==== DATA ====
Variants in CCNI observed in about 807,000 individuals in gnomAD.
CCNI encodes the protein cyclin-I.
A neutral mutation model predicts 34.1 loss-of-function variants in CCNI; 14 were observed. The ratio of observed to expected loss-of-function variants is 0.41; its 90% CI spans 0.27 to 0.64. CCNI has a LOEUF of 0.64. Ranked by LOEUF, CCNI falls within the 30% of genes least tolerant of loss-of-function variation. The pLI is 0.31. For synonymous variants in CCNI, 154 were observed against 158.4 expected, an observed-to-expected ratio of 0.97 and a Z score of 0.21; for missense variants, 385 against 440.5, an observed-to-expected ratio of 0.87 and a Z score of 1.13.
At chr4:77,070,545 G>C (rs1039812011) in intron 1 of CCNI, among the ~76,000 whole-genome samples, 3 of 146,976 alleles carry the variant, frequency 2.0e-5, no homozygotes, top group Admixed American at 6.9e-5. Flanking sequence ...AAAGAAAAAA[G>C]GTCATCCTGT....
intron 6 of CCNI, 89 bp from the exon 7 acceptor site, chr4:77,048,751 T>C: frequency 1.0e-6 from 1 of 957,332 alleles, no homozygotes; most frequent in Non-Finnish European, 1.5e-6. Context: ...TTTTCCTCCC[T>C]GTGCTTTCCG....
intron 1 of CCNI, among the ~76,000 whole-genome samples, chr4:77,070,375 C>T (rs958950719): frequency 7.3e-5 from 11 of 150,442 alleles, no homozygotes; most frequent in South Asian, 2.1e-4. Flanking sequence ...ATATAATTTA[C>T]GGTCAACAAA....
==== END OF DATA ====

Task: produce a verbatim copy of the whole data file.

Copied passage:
Variants in CCNI observed in about 807,000 individuals in gnomAD.
CCNI encodes the protein cyclin-I.
A neutral mutation model predicts 34.1 loss-of-function variants in CCNI; 14 were observed. The ratio of observed to expected loss-of-function variants is 0.41; its 90% CI spans 0.27 to 0.64. CCNI has a LOEUF of 0.64. Ranked by LOEUF, CCNI falls within the 30% of genes least tolerant of loss-of-function variation. The pLI is 0.31. For synonymous variants in CCNI, 154 were observed against 158.4 expected, an observed-to-expected ratio of 0.97 and a Z score of 0.21; for missense variants, 385 against 440.5, an observed-to-expected ratio of 0.87 and a Z score of 1.13.
At chr4:77,070,545 G>C (rs1039812011) in intron 1 of CCNI, among the ~76,000 whole-genome samples, 3 of 146,976 alleles carry the variant, frequency 2.0e-5, no homozygotes, top group Admixed American at 6.9e-5. Flanking sequence ...AAAGAAAAAA[G>C]GTCATCCTGT....
intron 6 of CCNI, 89 bp from the exon 7 acceptor site, chr4:77,048,751 T>C: frequency 1.0e-6 from 1 of 957,332 alleles, no homozygotes; most frequent in Non-Finnish European, 1.5e-6. Context: ...TTTTCCTCCC[T>C]GTGCTTTCCG....
intron 1 of CCNI, among the ~76,000 whole-genome samples, chr4:77,070,375 C>T (rs958950719): frequency 7.3e-5 from 11 of 150,442 alleles, no homozygotes; most frequent in South Asian, 2.1e-4. Flanking sequence ...ATATAATTTA[C>T]GGTCAACAAA....